What's the term for the use of "this" in "there's this guy called John, who..."? Here, the "this" is used like an "a", not literally "this". I'm not sure if there's a term for this.
My intuition about that is the speaker is about to tell a story in which the person referred to plays a prominent role. If he played a subsidiary role, "that guy" would have been used. If you're just looking for a term, you could call it "proximal", since that is pretty vague.
You are correct that it is being used like an indefinite article, so you could call it the "indefinite this". Unlike "a", "this" in such a context seems to indicate that you are about to elaborate on the noun phrase governed by that "this". I suppose you can call this usage "cataphoric" (adjective) or "cataphora" (noun), since "this" is not pointing back to a previously mentioned noun phrase (anaphora). Cataphora is usually used to speak of pronouns which are used before the full noun phrase is revealed (ex. "He may be approaching 37, but Jeff has no plans to retire from the sport yet.") But I guess you could stretch the term to fit your example.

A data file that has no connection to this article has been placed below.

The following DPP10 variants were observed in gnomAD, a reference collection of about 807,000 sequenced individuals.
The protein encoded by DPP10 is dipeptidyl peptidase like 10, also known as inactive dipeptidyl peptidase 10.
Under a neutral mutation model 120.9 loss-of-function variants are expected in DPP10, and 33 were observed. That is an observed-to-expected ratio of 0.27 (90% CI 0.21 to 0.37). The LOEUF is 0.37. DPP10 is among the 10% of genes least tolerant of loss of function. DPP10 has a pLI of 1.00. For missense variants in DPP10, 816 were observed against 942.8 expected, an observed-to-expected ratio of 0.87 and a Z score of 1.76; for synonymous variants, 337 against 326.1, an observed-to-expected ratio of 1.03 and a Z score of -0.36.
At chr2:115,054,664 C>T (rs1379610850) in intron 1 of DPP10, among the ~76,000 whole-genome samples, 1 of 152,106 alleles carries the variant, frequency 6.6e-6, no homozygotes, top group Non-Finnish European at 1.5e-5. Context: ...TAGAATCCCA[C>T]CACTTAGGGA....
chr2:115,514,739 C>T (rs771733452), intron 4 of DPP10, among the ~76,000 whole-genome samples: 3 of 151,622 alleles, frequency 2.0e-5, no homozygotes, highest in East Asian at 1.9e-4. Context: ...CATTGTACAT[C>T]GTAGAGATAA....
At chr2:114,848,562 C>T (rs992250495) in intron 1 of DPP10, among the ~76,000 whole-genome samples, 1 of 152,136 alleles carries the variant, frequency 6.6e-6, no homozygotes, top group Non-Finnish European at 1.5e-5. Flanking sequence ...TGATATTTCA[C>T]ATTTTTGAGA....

Another example usage would be "I have this strange feeling..." If you don't then attempt to describe the feeling, or demonstrate that you are unable to describe it, people will look at you funny.
This is not an answer.
It's an interesting observation, and it demonstrates how the boundaries between demonstratives, definite articles and indefinite articles are quite fluid. Through history, then, you might observe how words can cross these boundaries. My former teacher referred to this usage of "this" to show that it isn't that strange that the old demonstrative "this" became the Old Irish definite article "the". Just think about utterances such as "And then I was walking down this street, and then I saw this guy, and he had these weird clothes on, and then he fell and hit this rock, and then this woman came up ..." etc.